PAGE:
A Trip to the Border!

By Katrina

In the article “Getting Across” by Chorlton stated: “Part of it is river, part desert, but mostly the border exists as imagination.  Crossing it is easy as a two-step with the scorpions, or turning white to blend into the spotlight from a patrol car.  The rain falls in different languages on respective sides, but the heat remains the same, and illusions rise off the parched ground”

             This article is showing how hard it is for many migrants to cross the border.  When they do cross the migrants are faced with many difficult situations that could end with them being deported back to their country.


Many people are grateful to be living in the United States, however, for majority of people on the U.S., Mexican border; it is not an easy process of crossing over.  The U.S.-Mexican border includes many barriers of entry.  These barriers include the desert, rivers, border patrols, and a long fence to name just a few.   The people in Nogales, Mexico are hungry for food and they thirst for clean water.  The only way out for them is crossing the border into the United States.


On February 23, 2005, my migration and culture class took a trip to Nogales, Mexico.  There was so much barren desert between Tucson, Arizona to Nogales, Mexico that it was hard to believe that anyone would want to cross there into the United States.  Our first stop was at the US and Mexico border where we got the opportunity to tour the border facilities.  This stop impressed me the most.  Our tour guide from US Customs and Border Protection seemed very dim and was unsure what was really going on with the border control.   While our tour guide was struggling to answer our questions, I noticed that anyone that was not light in skin color was being inspected.  We were standing in one of the blocked off entry lanes for vehicles to enter into the United States.  One of the many vehicles that were crossing over to the United States was a nice looking SUV driven by a middle aged fair skinned woman.  The border control guard just waived her through without checking her SUV or her driver’s license.   Following her SUV was a truck in which sat two Mexican men.  Three border guards thoroughly inspected the truck’s engine to its underside.  I thought that this whole situation was ironic since earlier I remember the tour guide telling us that the security at the border had picked up since September 11th  and everyone was being inspected the same way.  I guess they were being selective that day.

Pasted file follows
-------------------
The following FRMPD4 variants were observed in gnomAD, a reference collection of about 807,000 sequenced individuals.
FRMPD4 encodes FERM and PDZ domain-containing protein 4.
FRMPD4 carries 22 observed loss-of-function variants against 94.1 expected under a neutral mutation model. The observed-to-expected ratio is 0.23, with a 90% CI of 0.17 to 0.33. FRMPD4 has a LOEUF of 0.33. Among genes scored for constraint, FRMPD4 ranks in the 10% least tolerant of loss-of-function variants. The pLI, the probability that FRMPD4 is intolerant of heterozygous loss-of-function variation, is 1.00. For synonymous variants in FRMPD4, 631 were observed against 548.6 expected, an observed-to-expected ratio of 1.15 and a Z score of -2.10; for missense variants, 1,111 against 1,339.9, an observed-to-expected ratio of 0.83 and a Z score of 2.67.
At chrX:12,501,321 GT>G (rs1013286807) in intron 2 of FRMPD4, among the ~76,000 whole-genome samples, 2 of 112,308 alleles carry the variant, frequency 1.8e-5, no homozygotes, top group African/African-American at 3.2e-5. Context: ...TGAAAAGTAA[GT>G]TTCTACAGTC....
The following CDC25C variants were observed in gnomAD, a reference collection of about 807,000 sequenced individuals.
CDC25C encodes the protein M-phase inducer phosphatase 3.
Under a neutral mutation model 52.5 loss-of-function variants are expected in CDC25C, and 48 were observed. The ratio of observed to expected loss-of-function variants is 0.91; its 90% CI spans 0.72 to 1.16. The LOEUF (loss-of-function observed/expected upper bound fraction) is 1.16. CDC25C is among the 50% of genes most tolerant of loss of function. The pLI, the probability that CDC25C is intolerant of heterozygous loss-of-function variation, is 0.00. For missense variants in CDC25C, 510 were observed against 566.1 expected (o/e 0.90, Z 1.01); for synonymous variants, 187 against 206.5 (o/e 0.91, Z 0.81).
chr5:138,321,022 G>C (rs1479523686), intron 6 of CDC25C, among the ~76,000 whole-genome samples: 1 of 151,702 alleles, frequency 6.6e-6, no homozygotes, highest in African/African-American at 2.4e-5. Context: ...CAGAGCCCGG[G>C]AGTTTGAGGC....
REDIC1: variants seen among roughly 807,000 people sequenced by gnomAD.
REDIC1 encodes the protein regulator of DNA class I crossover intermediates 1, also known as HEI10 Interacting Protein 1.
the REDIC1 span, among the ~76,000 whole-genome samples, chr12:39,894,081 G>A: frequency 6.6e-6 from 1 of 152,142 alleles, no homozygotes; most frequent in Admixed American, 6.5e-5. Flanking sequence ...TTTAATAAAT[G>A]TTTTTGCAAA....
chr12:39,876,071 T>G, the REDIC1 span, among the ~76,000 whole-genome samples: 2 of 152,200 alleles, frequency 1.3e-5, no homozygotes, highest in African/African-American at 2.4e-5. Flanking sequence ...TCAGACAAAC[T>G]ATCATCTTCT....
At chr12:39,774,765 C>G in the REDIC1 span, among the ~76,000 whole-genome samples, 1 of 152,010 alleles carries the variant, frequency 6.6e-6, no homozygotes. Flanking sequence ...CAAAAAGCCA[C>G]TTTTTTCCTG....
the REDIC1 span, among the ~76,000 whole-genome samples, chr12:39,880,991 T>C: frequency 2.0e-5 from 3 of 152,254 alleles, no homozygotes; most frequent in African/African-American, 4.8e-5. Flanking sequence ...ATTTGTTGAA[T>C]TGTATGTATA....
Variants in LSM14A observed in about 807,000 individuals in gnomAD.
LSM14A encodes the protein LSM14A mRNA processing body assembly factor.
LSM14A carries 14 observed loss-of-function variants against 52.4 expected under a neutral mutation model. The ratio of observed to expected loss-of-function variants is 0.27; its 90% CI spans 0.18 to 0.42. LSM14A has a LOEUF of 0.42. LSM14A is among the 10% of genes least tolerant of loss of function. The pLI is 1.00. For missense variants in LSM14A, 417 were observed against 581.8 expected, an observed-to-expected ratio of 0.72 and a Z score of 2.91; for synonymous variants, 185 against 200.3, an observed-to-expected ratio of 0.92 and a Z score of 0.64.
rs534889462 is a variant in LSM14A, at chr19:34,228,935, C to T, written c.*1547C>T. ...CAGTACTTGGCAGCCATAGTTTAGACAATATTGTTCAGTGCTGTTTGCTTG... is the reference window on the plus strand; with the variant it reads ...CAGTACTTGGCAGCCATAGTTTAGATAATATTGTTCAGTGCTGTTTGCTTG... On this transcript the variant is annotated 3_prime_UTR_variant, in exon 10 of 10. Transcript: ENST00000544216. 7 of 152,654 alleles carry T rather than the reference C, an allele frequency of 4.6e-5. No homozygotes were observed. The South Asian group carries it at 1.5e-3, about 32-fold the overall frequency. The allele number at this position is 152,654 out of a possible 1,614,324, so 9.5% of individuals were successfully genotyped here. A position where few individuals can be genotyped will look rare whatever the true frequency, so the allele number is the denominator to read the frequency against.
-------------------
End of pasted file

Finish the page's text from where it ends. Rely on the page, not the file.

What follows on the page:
The reason why this stop impressed me the most was because it made me realize that this border was just an obstacle for those who have no other option. In the article “Border Death-Trap: Time to Tear Down America’s Berlin Wall” by Joseph Nevins stated that since 1995, about one corpse per 1.4 days was found in the Southwestern deserts.  This shows that people on the Mexican border are risking their lives to try to find a better life for themselves and their families.  These people are leaving their families behind in hopes that they could find anything that could help their families have a better life. Nevins also stated that “Just as the deaths of would –be migrants trying to overcome the Berlin Wall led to outrage and calls for the militarized line of control to come down, moral and political consistency requires a similar response to the ever-deadly U.S.-Mexico boundary”.   This shows that history, in a sense, is repeating itself. The United States is keeping those out who come from a country that needs help.  Many Mexicans do not have the right resources to come into the United States legally.  They have no other alternative than to cross the border illegally which sometimes leads to them passing away in the desert or being deported back into Mexico.

Looking from the Mexican border, the grass looks greener on the other side. The only problem is crossing over to the other side could mean life or death.  There are many barriers to entry into the United States, which a migrant has to overcome and the first barrier is the border itself.  As Chorlton stated in his article: Suddenly, this ends at the line measured and drawn with a straight edge or left to follow the curves in a river flowing capriciously between the rich and poor, between la Migra and the Federales.  This is the fault line between currencies; the land of exchange rates and multicultural souvenirs. It is hope for refugees, and home for the exiles who are tired of life in a single version and prefer translation to the original”. 


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